We conduct a medical review of each suicide to try to better understand the factors involved in each case and to look for opportunities to enhance our current programs. We find that about 50% of people who die by suicide have been diagnosed with one or more mental disorders, with major depressive disorder being the most prevalent condition. Typically, people also have one or more life stressors, with failing intimate partner relationships as the most common. Other factors often seen include work-related problems, debt, legal difficulties, and physical health problems.
The CAF suicide prevention program, guided by the 2009 suicide prevention expert panel, identifies three pillars of suicide prevention, namely, excellence in health care, effective leadership, and the awareness and engagement of members. We have a robust program that addresses these pillars, and we continue to make improvements.
In October 2016, we held another expert panel on suicide prevention to help guide future efforts, the results of which will be released once the report is finalized. My team will look carefully at all recommendations from this recent panel and ensure that the CAF has in place all elements of a robust suicide prevention program.
Thank you for your attention. We're happy to take any questions you may have.
Thank you very much. I'm pleased to have both of you here.
Brigadier-General, I wasn't here last week so I've just been reading your notes from last week's statements.
I just want to quote:
As you are likely aware, mefloquine remains an option for malaria prevention for many militaries around the world. We do, however, remain vigilant and open to assessing any new evidence related to mefloquine and other antimalarial medications.
Then you go on to say:
We will, accordingly, update our approach to malaria prevention in a scientifically sound manner and with an emphasis on critical appraisal of the evidence.
I did some research, and of course, this would be in relation to our allies. That would be where we would go to see what else was being done with those other militaries around the world.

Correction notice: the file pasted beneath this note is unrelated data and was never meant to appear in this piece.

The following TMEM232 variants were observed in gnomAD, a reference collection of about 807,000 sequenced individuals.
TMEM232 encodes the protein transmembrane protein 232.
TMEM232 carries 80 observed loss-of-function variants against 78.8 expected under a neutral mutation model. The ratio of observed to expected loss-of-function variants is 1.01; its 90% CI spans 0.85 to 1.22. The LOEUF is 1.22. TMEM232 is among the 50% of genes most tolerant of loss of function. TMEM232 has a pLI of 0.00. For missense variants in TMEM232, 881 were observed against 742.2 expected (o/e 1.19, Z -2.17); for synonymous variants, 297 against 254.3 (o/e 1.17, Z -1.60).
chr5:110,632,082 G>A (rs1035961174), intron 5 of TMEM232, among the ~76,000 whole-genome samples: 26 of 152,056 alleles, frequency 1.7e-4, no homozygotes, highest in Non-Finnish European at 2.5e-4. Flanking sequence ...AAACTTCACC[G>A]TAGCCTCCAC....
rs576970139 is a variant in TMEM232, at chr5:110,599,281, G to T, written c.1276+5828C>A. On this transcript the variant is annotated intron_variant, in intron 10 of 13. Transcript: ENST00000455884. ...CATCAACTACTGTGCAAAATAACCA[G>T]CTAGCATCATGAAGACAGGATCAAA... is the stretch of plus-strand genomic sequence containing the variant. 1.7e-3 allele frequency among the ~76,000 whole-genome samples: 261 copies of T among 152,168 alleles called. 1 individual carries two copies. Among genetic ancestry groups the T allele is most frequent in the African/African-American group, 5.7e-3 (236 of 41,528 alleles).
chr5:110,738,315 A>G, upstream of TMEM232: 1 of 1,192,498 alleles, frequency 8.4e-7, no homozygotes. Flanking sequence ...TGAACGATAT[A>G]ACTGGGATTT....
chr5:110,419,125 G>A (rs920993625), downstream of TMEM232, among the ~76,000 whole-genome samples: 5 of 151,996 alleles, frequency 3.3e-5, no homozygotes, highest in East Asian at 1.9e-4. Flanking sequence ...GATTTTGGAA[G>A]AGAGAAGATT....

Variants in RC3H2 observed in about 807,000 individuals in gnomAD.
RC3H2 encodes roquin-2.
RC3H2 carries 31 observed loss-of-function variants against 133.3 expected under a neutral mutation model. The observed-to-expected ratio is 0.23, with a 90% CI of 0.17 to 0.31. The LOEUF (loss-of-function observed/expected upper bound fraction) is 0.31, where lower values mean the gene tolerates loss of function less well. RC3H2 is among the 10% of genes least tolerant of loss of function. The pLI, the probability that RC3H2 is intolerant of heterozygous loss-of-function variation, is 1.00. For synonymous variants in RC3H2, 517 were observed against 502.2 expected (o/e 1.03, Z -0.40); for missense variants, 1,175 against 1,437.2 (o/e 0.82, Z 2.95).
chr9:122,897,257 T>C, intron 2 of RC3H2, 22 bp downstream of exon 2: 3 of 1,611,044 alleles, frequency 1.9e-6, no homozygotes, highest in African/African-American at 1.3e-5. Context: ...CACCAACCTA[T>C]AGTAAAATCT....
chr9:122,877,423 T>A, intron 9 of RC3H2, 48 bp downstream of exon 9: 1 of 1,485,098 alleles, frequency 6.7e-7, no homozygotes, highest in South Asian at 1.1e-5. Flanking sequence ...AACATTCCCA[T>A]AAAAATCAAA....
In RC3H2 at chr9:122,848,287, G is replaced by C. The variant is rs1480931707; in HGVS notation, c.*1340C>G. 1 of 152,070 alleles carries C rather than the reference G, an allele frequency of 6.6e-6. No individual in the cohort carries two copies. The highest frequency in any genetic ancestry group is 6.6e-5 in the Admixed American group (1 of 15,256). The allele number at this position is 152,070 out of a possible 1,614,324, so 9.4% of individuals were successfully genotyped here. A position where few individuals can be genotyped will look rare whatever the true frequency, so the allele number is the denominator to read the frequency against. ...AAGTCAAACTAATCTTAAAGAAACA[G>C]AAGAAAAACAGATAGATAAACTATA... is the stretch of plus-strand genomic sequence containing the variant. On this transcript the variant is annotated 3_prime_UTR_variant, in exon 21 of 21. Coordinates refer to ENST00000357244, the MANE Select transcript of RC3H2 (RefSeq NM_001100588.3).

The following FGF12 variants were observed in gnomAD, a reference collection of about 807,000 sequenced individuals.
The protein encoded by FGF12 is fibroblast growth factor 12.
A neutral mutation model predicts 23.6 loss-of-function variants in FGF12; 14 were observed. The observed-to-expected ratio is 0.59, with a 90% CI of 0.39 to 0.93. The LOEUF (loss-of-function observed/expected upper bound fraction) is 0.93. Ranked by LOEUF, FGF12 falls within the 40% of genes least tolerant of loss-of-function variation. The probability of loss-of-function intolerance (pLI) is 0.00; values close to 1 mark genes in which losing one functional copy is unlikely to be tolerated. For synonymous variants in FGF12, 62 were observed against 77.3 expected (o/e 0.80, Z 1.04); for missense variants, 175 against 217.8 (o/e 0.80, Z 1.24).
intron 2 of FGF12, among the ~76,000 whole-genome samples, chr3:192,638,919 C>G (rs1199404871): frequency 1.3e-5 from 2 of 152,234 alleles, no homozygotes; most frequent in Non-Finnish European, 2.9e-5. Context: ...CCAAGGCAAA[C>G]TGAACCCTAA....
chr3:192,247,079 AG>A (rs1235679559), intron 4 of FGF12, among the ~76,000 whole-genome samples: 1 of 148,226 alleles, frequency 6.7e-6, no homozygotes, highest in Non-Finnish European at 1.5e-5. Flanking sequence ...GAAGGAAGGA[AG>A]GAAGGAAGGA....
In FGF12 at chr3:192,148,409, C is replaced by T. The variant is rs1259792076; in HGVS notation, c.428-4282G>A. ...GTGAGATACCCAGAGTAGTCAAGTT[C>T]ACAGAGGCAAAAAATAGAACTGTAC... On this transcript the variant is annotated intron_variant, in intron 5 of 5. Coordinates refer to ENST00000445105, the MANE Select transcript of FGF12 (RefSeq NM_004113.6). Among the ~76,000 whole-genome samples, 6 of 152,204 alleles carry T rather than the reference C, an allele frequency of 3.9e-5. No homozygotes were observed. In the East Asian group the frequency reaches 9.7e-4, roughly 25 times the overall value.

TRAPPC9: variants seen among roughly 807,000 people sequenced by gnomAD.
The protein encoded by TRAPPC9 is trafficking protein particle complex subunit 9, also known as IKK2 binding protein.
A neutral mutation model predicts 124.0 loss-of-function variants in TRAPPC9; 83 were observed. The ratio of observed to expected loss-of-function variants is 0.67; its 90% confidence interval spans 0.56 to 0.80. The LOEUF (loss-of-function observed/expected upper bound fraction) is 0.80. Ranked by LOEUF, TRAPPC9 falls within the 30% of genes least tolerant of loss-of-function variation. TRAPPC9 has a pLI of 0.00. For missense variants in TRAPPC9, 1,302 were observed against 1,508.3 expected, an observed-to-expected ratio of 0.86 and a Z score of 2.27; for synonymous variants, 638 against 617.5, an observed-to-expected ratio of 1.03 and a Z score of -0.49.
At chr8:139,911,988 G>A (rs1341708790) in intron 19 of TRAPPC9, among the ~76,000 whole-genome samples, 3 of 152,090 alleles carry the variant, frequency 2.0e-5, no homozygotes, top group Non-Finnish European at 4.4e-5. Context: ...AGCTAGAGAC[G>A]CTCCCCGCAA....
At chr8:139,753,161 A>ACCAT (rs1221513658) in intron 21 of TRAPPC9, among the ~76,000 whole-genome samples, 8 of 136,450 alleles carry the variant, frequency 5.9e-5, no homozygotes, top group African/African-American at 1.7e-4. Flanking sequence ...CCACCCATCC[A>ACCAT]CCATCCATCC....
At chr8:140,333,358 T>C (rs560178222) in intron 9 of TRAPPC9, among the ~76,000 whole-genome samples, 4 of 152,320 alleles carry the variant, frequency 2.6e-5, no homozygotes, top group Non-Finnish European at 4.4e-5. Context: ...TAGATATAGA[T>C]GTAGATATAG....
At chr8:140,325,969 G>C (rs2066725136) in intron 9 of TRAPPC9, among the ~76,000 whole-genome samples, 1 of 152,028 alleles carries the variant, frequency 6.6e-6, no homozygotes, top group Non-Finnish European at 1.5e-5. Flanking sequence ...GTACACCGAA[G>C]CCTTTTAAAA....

I have a statement here from September 15 of this year from the Minister of Veterans Affairs for Australia addressing mefloquine concerns:
The Department of Veterans' Affairs has established a dedicated mefloquine support team for our serving and ex-serving community.... [and] additional support for current and former...members who have been administered mefloquine.
establish a formal community consultation mechanism to provide an open dialogue on issues concerning mefloquine between the Defence Links Committee and serving and ex-serving...;
develop a more comprehensive online resource that will provide information on anti-malarial medications;
establish a dedicated...mefloquine support team to assist...with...related claims, which will provide a specialised point of contact...and
direct the inter-departmental [c]ommittee to examine the issues raised, consider existing relevant medical evidence and provide advice....
Any former member who was administered Mefloquine...and is concerned about possible side effects...can lodge a claim for a condition that they think was caused by Mefloquine....
Current and former...personnel can also access free mental health treatment....
They go on to list all the different areas of mental health that need treatment, and they indicate that those services are there.
In Britain also—this is from July 2016—the former head of the army has admitted that he would not take a controversial antimalarial drug as he revealed his son had suffered severe depression while prescribed Lariam. Lord Dannatt said that the side effects of the drug could be “pretty catastrophic” and he apologized to troops who had taken it while he was chief of the general staff.
He urged the Minister of Defence to show generosity when reaching compensation settlements with hundreds of personnel alleged to have suffered mental health problems after being given the drug during deployment to malaria hot spots.
He says here:
We see no reason to disbelieve the very strong anecdotal evidence that such conditions have been ignored in dispensing it to large numbers of troops about to be deployed.... It is our firm conclusion that there is neither the need nor any justification for continuing to issue this medication to Service personnel except when the three conditions listed above have been met.
The conditions were as a last resort when they weren't able to tolerate the other alternatives.
Then of course, the U.S. has had witnesses here. Dr. Nevin has said it's been blackboxed in the States.
With this type of evidence from our strong allies, would it not be time for Canada, especially with the new definitions that Health Canada has come out with on side effects, to see that this is a mental health issue that we could deal with right now? These are people who think they have PTSD because that's what they were told, when it's clearly possible they have a brain injury. Is it not time for us to set up the same type of services for them whereby we can get this information from our veterans directly?